I was looking through some old writing course notes the other day, and came across this advice: find the darkest place in your mind, and write about it. The advice continued: what's the darkest thing you can think of? Make it happen to your characters.
It set me wondering - what's the darkest thing I could think of, and is it wise to spend so much time dwelling on the dark side?
I'm currently writing the third Eden Grey mystery, and it starts with an almighty shocker of a first chapter. Rules of the game are if you start high octane, you have to maintain it - you can't slip into a gentle, cosy pace - so I needed a plot that would live up to the opening. I asked myself, "What's the darkest thing one person can do to another?" and I wrote a list. Then I found myself thinking, "If I take that and that, and combine them, I get something that's really dark."
Question is: should I?
In recent years there's been a trend in crime fiction towards ever more sadistic and violent crimes. Books that start in the murderer's mind and show you exactly how they're torturing the victim. Or that are in the victim's mind, and you experience the torture with them. I can't read this kind of material. It's too nasty and gratuitous, and I feel like a voyeur reading it. But could I write it? Probably.
When I'm writing, I find myself simultaneously caught up in the characters' heads, and at a remove from them. I can make terrible things happen to them, and be able to stand back from it all and consciously determine how to craft it. Graham Greene described this as 'a splinter of ice in the heart' - the writer's ability to take a tragedy and turn it into entertainment. Because however literary or artistic our writing is, on some level we're always aiming to entertain our readers, otherwise they'll put the book aside.
The splinter of ice in my heart enables me to write dispassionately about proper nasty stuff - child abuse and people smuggling and murder. And it's only later that I look at what I've written and wonder if maybe I need psychological help. The first time I met my agent, she said to me, "You know, if you writers just got yourselves good psychiatrists, you wouldn't have to write all this crime." Where's the fun in that?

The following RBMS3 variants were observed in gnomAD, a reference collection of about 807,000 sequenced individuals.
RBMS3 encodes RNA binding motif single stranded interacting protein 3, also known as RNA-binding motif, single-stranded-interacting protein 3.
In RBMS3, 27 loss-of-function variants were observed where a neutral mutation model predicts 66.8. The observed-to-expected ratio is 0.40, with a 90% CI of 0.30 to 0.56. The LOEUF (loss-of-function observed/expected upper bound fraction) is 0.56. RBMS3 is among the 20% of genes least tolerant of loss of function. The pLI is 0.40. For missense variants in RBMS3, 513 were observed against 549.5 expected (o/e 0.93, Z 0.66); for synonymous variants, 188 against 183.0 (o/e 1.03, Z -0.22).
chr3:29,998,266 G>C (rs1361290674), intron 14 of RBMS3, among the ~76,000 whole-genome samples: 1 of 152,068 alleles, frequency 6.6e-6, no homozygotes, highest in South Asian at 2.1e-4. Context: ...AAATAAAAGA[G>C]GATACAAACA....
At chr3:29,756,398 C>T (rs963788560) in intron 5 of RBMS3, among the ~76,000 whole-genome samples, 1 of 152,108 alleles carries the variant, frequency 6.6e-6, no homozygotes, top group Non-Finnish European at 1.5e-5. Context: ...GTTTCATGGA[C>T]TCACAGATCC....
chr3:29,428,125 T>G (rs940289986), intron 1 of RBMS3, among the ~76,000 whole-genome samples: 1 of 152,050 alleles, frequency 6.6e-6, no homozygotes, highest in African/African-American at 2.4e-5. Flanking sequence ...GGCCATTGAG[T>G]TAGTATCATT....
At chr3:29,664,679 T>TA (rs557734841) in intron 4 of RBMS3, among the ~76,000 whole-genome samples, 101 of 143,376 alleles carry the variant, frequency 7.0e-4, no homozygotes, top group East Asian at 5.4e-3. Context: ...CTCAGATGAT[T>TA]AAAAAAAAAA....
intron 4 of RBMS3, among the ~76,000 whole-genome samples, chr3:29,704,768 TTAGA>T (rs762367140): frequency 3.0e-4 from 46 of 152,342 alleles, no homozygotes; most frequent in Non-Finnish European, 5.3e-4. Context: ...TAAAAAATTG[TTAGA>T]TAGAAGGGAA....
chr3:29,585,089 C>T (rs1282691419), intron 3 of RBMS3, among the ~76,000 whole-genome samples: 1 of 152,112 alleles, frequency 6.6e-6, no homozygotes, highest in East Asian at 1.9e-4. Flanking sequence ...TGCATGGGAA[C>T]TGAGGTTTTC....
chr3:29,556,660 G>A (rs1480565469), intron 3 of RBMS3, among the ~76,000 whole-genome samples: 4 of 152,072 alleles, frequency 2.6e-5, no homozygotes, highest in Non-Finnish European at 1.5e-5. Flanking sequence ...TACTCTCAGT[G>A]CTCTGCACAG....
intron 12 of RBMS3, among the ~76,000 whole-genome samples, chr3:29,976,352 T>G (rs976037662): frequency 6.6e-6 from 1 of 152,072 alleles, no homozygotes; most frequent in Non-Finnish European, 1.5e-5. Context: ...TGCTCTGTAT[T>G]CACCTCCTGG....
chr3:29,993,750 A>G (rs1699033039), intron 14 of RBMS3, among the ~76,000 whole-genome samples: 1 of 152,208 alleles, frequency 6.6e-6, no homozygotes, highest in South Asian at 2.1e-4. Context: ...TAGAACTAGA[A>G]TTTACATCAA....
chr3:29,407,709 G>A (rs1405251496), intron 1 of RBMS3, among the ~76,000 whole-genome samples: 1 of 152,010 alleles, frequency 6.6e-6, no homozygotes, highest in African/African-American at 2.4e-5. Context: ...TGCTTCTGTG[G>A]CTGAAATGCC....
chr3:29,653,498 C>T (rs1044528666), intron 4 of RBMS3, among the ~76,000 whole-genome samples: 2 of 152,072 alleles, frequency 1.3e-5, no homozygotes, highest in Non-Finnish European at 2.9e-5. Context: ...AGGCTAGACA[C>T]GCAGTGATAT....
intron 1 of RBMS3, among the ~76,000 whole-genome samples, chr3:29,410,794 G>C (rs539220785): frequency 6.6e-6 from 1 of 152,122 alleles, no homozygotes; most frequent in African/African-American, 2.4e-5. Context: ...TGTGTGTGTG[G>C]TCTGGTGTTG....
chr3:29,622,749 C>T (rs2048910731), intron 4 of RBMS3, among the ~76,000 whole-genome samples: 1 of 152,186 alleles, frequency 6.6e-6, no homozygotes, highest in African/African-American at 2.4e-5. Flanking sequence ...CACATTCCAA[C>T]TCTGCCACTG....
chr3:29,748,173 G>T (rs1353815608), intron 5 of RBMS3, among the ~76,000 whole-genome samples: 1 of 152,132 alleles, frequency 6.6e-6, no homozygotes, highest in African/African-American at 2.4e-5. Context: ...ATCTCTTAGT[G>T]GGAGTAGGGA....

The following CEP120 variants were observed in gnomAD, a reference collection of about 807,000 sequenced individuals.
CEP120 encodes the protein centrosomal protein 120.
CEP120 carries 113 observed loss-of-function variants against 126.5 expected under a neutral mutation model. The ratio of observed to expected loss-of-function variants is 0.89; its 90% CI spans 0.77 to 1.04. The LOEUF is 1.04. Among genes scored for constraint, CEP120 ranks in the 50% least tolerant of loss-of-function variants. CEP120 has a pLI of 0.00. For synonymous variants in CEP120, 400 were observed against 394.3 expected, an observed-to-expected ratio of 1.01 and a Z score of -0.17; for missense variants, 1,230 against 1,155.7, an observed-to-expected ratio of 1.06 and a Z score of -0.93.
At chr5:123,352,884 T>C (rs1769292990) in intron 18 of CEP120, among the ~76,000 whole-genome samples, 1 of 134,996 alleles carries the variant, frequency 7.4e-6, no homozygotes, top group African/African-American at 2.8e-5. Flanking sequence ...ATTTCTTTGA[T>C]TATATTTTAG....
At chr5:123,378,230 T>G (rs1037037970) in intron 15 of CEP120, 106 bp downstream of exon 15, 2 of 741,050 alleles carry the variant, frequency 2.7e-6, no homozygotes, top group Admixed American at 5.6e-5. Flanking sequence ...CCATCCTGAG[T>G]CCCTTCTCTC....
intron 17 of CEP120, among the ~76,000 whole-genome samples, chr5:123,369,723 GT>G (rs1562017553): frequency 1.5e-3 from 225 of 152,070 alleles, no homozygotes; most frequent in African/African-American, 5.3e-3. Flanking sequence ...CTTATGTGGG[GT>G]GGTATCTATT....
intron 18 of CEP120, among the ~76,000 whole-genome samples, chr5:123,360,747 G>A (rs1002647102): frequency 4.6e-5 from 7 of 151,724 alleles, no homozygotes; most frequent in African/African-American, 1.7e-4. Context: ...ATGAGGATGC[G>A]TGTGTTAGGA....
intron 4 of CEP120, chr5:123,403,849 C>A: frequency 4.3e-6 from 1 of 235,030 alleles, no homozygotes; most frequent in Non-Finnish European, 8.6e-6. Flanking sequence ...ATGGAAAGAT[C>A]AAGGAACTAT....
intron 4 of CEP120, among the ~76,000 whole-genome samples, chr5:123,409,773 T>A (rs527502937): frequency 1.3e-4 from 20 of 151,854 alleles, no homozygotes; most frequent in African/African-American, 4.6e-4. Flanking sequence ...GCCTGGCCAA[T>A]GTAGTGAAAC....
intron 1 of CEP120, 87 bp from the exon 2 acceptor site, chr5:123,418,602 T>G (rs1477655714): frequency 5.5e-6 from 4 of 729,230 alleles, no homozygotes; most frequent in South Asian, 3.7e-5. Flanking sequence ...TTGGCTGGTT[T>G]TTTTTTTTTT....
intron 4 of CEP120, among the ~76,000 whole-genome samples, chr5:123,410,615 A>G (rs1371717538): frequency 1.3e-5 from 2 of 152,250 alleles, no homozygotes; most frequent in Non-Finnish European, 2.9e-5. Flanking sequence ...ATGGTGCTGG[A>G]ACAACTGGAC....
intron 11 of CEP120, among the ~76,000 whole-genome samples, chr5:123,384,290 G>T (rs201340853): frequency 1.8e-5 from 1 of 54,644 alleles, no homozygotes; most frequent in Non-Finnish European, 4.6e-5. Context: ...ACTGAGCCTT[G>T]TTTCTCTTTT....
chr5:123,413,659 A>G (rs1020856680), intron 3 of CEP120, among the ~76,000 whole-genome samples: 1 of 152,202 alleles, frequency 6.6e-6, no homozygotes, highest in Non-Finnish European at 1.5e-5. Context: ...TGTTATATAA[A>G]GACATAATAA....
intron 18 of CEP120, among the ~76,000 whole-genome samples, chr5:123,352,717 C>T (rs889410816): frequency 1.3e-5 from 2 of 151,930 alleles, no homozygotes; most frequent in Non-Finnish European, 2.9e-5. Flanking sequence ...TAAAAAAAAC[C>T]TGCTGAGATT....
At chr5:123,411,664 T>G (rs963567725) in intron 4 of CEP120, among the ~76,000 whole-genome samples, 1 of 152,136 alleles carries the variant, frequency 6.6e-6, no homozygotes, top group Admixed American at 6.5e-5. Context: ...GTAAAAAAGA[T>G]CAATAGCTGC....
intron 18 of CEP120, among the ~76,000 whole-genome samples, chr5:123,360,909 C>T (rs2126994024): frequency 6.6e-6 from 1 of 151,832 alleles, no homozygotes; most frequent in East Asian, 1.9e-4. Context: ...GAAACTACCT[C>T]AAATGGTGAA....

So my challenge is to go as dark as I dare, but be careful not to fall into the trap of writing nasty scenes just for the sake of it. A scene that explores the dark side must have a point to it. In crime fiction, the darker the crime, the more there is at stake, and the more that's demanded of the hero. There's normally a resolution - the baddy gets caught and brought to justice - so the reader is relieved that no matter how much the dark side of human nature upsets the social order, there's always restitution. Society is stronger than evil.
Lurking with my dark side makes me confront what scares me most about human nature, but because this is fiction, it's a safe place for me and the reader. And unlike real life, I get to make it better - my protagonist Eden Grey will face evil and overcome it. The greater the evil she faces, the greater the relief for both me and reader that the thing we fear the most can - ultimately - be overcome.
One thing I love about this time of year is having a few days off work when I can hibernate with a good book. I have a tradition of going to the library on Christmas Eve and choosing the books I want to read over the Christmas break, then I get comfortable with a hot drink and some dark chocolate, and dive in for a long read.
This year, I'm going to do it slightly differently. In Iceland, they give each other books on Christmas Eve, then sit up all night, reading their new books and eating chocolate. This sounds exactly my kind of thing, with the perfect combination of reading and chocolate, so my husband and I are going to a charity bookshop to choose books to give each other, then we'll settle down at home with our new books, and of course, lots of chocolate.
When I've got time to wallow in reading, I like to reread my favourites. I'm very fond of Wilkie Collins, and each time I reread 'The Woman in White', I recall the very first time I read it. Someone gave me a copy for Christmas, and I started reading it straight away, and was so engrossed I couldn't stop, and had the book open on my lap under the table so I could keep reading during lunch, something that was absolutely forbidden in my family.
It's also a good time to catch up with what I like to call 'professional development', or true crime books. I've got quite a collection of true crime cases like the Penguin 'Famous Trials' series, and a number of books on forensics. So this year I'll be reading and re-reading those, as they often give me inspiration for a new book, or a twist in the book I'm writing.
There's plenty of research for me to do over the Christmas break, too. My new novel is partly set in the murky world of Elizabethan espionage, and I have a pile of books in daily life in Elizabethan England, Walsingham, and spies to indulge in.
Must check I've got enough chocolate to see me through ...
Kim Fleet lives and works in Cheltenham. Her two cats help the creative process by standing on the delete key.